Hiromi recently made a number of copies of an NHK (Japan TV station) Production that was filmed here in 1994--21 years ago.  The recording also included a number of the outtakes of the filming.  Already it's quite a treasure trove of memories, with a number of people shown active and well who have now passed on or become very feeble.  Another marvel is how the little children have changed.  Shane was eight and Grant was six.  The filming happened in a communion service on the day that my niece Megan was born, and I was caring for Christopher during church.


I've discovered a compelling reason to plant more of those white and green tomatoes that some members of my food production class tried last year.  I like a tall glass of fresh "green" juice as a major component of breakfast.  The usual ingredients are spinach and kale, with smaller amounts of celery and cucumber.  I pour this over some salted ice cubes and then top off the glass with some home-canned tomato juice--which makes a very tasty drink.  The red and green colors, however, combine to make the drink an unappetizing muddy brown.  No such problem with white or green tomato juice--all the goodness and none of the ugliness.

Aunt Ruby's German Green is one variety I want, and I'm still waiting to find out what the white variety was called before ordering that one.  The white was actually a very pale yellow, and the fruits were large and tasty.  Kristi, who grew the green one, said it had great flavor and was fairly productive.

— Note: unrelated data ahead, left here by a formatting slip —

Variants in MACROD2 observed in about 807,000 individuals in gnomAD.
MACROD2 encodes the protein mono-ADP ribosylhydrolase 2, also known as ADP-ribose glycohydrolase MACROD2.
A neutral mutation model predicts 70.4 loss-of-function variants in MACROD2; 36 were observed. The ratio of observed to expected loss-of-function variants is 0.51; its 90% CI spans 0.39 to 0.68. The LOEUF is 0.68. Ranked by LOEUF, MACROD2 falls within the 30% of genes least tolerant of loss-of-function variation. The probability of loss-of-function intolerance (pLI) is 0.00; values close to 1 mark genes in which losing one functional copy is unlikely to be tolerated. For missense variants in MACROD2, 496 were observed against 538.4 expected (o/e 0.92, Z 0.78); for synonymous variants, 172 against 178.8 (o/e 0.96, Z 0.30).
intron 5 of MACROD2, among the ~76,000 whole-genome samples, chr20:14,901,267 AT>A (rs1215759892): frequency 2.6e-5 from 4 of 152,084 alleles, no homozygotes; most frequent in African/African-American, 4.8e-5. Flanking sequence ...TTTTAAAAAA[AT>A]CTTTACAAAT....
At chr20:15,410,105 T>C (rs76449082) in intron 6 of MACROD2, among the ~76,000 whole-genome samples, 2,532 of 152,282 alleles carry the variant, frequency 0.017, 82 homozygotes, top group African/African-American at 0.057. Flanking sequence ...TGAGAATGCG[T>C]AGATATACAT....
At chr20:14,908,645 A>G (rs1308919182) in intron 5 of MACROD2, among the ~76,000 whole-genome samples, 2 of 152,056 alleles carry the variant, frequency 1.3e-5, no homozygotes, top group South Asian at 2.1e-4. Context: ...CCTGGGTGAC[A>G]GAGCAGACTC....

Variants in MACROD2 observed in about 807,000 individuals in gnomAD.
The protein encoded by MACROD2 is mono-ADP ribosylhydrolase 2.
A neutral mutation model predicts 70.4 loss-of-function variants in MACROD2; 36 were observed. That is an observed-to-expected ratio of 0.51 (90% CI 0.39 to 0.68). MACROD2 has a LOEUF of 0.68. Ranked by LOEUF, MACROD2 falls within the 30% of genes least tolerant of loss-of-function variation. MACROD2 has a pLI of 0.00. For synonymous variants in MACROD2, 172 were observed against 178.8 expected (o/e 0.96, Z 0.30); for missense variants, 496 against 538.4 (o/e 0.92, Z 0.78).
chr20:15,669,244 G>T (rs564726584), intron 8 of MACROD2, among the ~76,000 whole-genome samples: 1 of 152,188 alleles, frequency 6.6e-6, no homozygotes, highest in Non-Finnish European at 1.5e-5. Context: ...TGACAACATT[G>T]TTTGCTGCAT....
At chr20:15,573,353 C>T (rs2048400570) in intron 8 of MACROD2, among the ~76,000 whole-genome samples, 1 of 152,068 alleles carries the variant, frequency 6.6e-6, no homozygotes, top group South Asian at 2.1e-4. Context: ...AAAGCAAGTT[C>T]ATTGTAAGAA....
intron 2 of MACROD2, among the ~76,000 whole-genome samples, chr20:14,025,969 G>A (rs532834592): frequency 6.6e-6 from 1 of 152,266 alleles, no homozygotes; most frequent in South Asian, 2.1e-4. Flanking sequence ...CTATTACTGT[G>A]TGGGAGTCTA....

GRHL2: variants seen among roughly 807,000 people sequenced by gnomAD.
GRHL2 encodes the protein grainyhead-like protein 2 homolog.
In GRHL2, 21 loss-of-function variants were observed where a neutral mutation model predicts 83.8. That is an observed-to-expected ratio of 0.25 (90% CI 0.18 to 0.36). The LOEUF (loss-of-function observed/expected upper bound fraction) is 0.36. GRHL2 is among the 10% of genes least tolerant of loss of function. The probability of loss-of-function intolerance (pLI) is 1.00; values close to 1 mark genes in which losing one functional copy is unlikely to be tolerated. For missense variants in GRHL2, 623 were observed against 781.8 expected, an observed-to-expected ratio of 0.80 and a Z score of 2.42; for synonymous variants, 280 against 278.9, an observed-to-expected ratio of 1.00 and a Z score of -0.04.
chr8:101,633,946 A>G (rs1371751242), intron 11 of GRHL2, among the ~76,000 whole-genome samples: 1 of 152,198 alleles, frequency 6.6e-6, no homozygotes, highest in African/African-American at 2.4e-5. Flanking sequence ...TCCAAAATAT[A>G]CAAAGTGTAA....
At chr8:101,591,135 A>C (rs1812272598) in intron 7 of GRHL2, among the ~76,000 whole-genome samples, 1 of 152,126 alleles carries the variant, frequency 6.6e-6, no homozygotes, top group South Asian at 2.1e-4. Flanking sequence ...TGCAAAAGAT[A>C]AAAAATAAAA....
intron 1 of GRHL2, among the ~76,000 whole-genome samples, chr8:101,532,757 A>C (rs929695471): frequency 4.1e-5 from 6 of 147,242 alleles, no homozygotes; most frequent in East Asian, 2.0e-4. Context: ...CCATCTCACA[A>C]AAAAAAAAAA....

I know I would love freshly-juiced fruits as well, but I limit my juicing to veggies only, because of concerns about overdoing the blood sugar "shot" and because I find it a lot easier to eat several fruits a day than to chew a half of a strainer bowl of fibrous veggies early in the morning.

I'm discovering that I really don't like drinking all my calories.  I want some chewing--but not too much.


Wednesday, March 18, 2015

More on Matthew

My brother-in-law and former student, Matthew, is apparently near the end of life on earth.  Here, my niece, his daughter, Karen, wrote yesterday about the past few days.

While Matthew was still able to participate in the process, plans were made, in the event of his death, to have a service in Holmes County, followed by burial in the "Schrock Family Cemetery."

From Karen's post I heard this reassurance that his sense of humor was still intact within the past few days:

When we were talking about the changes that would have to be made to health insurance, car insurance, etc, he suggested that we try to get a refund on the health insurance since “it didn’t work.” 

In another excerpt from Karen's writings his faith and peace shone through: